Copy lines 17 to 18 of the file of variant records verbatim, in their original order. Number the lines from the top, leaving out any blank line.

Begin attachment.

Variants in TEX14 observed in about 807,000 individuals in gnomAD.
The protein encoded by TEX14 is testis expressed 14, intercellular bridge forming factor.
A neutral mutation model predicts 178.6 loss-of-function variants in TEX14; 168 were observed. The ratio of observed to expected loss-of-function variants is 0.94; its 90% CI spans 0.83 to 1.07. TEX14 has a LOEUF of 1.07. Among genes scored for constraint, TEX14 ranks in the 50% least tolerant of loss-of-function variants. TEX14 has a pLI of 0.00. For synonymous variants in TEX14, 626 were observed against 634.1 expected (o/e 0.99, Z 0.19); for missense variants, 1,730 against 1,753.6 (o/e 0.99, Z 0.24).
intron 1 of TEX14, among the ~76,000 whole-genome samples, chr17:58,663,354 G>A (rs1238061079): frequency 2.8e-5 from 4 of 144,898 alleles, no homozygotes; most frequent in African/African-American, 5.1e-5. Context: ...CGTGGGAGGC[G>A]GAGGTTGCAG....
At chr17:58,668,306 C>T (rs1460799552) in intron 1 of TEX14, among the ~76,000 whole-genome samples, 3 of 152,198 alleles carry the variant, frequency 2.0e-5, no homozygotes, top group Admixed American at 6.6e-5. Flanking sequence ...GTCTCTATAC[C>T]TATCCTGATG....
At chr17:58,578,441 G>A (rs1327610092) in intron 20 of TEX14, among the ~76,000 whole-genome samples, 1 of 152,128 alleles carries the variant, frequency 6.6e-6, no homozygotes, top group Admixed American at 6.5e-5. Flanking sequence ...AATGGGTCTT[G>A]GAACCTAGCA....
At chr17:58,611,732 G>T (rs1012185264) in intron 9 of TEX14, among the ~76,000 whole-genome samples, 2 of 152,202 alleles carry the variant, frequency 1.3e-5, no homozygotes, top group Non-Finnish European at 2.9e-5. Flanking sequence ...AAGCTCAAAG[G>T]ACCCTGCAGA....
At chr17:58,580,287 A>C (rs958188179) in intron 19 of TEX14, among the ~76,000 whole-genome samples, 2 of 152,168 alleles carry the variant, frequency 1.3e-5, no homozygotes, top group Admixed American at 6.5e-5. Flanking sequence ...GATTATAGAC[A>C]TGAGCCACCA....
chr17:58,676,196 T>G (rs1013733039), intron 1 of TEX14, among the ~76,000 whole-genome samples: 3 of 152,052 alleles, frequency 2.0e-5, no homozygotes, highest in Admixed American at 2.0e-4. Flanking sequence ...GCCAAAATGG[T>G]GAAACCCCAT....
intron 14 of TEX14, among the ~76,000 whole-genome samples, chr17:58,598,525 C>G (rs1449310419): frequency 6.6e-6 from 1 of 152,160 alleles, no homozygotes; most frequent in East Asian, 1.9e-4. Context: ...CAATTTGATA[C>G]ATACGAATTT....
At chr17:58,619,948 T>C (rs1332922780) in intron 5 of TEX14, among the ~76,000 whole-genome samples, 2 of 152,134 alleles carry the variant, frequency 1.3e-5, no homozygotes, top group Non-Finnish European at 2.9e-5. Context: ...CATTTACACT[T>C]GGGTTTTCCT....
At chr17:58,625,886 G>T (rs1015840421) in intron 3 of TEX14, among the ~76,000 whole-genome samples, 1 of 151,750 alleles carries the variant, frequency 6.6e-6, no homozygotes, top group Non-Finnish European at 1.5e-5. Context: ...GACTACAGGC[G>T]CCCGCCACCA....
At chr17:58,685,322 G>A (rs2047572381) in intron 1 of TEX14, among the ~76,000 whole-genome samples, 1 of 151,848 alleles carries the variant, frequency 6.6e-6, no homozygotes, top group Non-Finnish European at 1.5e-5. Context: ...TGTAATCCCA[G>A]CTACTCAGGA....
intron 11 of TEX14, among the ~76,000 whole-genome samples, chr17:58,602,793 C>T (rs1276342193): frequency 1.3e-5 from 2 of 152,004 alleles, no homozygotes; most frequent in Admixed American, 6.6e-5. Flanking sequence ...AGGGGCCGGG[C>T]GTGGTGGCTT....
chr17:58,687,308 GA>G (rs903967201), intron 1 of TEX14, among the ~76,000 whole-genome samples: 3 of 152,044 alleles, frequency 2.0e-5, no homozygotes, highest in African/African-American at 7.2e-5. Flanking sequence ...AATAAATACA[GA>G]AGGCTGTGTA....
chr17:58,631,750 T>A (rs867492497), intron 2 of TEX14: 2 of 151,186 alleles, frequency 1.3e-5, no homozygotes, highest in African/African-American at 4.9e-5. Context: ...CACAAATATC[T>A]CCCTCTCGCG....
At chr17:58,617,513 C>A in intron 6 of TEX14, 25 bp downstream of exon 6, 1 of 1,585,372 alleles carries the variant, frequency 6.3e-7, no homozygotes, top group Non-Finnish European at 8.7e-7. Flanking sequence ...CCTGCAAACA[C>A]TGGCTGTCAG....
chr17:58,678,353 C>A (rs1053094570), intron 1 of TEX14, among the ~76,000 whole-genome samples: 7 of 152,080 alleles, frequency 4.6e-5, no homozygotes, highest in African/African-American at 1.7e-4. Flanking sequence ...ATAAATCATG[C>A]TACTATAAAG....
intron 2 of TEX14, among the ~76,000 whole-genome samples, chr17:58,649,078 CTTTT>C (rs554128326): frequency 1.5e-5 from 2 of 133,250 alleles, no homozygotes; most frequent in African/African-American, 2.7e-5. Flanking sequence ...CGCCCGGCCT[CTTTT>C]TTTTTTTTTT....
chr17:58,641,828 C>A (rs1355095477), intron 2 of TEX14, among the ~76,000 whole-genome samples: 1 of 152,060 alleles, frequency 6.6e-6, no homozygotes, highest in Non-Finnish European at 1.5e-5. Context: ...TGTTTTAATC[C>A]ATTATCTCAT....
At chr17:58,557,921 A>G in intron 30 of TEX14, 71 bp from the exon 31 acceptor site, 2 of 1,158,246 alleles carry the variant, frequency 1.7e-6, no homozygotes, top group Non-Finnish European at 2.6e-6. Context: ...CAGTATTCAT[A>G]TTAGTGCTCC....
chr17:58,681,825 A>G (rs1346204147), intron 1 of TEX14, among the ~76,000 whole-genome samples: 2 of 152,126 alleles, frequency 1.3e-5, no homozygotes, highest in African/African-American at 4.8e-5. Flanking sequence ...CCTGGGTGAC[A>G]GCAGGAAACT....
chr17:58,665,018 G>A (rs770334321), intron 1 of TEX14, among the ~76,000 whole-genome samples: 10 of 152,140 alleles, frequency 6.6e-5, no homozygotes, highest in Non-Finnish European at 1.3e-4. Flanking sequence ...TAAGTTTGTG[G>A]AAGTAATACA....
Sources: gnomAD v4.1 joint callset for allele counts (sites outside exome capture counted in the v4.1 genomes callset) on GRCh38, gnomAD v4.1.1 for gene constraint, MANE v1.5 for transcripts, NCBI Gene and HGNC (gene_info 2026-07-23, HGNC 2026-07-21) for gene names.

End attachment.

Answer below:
At chr17:58,617,513 C>A in intron 6 of TEX14, 25 bp downstream of exon 6, 1 of 1,585,372 alleles carries the variant, frequency 6.3e-7, no homozygotes, top group Non-Finnish European at 8.7e-7. Flanking sequence ...CCTGCAAACA[C>A]TGGCTGTCAG....
chr17:58,678,353 C>A (rs1053094570), intron 1 of TEX14, among the ~76,000 whole-genome samples: 7 of 152,080 alleles, frequency 4.6e-5, no homozygotes, highest in African/African-American at 1.7e-4. Flanking sequence ...ATAAATCATG[C>A]TACTATAAAG....